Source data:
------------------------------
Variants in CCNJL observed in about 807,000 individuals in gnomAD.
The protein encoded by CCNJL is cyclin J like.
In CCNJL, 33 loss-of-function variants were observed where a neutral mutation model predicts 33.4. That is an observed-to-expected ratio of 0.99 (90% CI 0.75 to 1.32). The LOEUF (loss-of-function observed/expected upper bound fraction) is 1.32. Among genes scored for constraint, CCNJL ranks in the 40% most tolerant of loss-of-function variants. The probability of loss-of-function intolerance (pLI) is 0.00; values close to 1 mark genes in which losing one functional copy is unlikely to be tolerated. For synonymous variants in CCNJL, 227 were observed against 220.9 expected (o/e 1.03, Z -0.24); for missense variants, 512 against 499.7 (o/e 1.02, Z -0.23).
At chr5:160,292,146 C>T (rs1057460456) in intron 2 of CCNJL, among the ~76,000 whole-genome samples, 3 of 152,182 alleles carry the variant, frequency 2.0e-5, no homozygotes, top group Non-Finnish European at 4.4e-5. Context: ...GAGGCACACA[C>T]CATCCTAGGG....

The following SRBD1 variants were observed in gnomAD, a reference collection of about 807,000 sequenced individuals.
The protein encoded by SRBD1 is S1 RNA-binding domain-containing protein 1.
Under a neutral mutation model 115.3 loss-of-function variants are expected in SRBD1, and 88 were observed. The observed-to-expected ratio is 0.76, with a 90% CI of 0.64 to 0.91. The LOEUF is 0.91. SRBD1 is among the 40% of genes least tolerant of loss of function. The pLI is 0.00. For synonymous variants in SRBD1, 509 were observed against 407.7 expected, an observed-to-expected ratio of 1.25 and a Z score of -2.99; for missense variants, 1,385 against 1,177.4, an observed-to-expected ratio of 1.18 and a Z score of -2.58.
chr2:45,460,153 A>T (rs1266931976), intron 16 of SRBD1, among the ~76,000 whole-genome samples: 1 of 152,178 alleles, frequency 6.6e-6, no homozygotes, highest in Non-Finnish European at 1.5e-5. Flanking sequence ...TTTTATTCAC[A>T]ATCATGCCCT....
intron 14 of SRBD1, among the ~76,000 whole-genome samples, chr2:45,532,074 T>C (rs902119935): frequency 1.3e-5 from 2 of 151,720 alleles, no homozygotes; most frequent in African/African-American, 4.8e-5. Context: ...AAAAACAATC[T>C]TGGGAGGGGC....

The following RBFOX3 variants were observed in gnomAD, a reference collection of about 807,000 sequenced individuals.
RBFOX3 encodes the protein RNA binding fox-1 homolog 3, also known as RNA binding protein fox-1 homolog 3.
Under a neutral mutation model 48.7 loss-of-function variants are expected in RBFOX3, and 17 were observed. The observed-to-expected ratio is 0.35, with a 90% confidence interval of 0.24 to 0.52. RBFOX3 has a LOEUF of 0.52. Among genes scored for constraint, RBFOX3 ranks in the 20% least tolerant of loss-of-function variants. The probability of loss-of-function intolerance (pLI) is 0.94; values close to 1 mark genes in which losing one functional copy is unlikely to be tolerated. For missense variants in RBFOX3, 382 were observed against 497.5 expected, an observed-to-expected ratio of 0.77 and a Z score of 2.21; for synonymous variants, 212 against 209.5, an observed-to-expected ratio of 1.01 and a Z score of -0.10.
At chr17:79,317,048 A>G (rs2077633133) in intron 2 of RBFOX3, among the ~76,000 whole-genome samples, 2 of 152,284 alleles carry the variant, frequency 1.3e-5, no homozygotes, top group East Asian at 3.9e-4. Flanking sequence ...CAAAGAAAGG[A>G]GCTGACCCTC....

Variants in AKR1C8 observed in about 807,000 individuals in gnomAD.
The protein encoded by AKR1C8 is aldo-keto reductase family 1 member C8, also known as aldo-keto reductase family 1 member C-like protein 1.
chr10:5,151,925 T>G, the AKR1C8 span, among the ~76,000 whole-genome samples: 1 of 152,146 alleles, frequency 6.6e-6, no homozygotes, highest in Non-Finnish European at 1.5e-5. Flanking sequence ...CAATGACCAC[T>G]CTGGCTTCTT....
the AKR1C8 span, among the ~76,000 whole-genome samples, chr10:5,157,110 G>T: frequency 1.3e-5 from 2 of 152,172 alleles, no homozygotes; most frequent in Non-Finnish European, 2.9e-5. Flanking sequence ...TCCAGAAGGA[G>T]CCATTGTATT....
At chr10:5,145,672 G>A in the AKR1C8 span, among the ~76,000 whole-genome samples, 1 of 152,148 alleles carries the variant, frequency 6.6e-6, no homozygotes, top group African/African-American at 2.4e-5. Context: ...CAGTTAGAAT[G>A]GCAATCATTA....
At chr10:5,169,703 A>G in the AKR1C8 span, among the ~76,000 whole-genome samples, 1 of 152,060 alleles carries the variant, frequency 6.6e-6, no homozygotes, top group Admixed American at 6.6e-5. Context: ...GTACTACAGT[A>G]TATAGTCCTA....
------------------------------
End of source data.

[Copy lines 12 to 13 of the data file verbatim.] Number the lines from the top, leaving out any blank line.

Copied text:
Under a neutral mutation model 48.7 loss-of-function variants are expected in RBFOX3, and 17 were observed. The observed-to-expected ratio is 0.35, with a 90% confidence interval of 0.24 to 0.52. RBFOX3 has a LOEUF of 0.52. Among genes scored for constraint, RBFOX3 ranks in the 20% least tolerant of loss-of-function variants. The probability of loss-of-function intolerance (pLI) is 0.94; values close to 1 mark genes in which losing one functional copy is unlikely to be tolerated. For missense variants in RBFOX3, 382 were observed against 497.5 expected, an observed-to-expected ratio of 0.77 and a Z score of 2.21; for synonymous variants, 212 against 209.5, an observed-to-expected ratio of 1.01 and a Z score of -0.10.
At chr17:79,317,048 A>G (rs2077633133) in intron 2 of RBFOX3, among the ~76,000 whole-genome samples, 2 of 152,284 alleles carry the variant, frequency 1.3e-5, no homozygotes, top group East Asian at 3.9e-4. Flanking sequence ...CAAAGAAAGG[A>G]GCTGACCCTC....